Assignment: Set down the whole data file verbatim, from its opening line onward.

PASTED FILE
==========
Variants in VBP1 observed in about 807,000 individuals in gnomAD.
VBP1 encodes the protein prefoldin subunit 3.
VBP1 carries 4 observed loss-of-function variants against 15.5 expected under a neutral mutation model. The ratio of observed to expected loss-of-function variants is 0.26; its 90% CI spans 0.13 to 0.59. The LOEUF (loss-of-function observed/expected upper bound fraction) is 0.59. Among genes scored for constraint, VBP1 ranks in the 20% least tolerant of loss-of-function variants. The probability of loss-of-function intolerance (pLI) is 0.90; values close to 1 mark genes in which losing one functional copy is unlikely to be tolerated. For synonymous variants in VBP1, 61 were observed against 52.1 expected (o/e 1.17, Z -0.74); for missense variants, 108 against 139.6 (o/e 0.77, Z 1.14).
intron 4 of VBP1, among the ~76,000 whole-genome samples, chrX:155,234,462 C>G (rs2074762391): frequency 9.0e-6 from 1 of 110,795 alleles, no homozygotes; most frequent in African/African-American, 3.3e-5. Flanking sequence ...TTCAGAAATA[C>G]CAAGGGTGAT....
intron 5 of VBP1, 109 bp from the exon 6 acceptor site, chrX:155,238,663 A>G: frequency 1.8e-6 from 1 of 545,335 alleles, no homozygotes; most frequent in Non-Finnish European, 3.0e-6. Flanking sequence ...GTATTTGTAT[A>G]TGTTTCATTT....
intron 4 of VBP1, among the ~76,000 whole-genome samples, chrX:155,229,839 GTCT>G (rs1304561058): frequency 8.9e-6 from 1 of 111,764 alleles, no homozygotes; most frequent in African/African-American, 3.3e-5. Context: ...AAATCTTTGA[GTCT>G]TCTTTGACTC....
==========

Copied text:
Variants in VBP1 observed in about 807,000 individuals in gnomAD.
VBP1 encodes the protein prefoldin subunit 3.
VBP1 carries 4 observed loss-of-function variants against 15.5 expected under a neutral mutation model. The ratio of observed to expected loss-of-function variants is 0.26; its 90% CI spans 0.13 to 0.59. The LOEUF (loss-of-function observed/expected upper bound fraction) is 0.59. Among genes scored for constraint, VBP1 ranks in the 20% least tolerant of loss-of-function variants. The probability of loss-of-function intolerance (pLI) is 0.90; values close to 1 mark genes in which losing one functional copy is unlikely to be tolerated. For synonymous variants in VBP1, 61 were observed against 52.1 expected (o/e 1.17, Z -0.74); for missense variants, 108 against 139.6 (o/e 0.77, Z 1.14).
intron 4 of VBP1, among the ~76,000 whole-genome samples, chrX:155,234,462 C>G (rs2074762391): frequency 9.0e-6 from 1 of 110,795 alleles, no homozygotes; most frequent in African/African-American, 3.3e-5. Flanking sequence ...TTCAGAAATA[C>G]CAAGGGTGAT....
intron 5 of VBP1, 109 bp from the exon 6 acceptor site, chrX:155,238,663 A>G: frequency 1.8e-6 from 1 of 545,335 alleles, no homozygotes; most frequent in Non-Finnish European, 3.0e-6. Flanking sequence ...GTATTTGTAT[A>G]TGTTTCATTT....
intron 4 of VBP1, among the ~76,000 whole-genome samples, chrX:155,229,839 GTCT>G (rs1304561058): frequency 8.9e-6 from 1 of 111,764 alleles, no homozygotes; most frequent in African/African-American, 3.3e-5. Context: ...AAATCTTTGA[GTCT>G]TCTTTGACTC....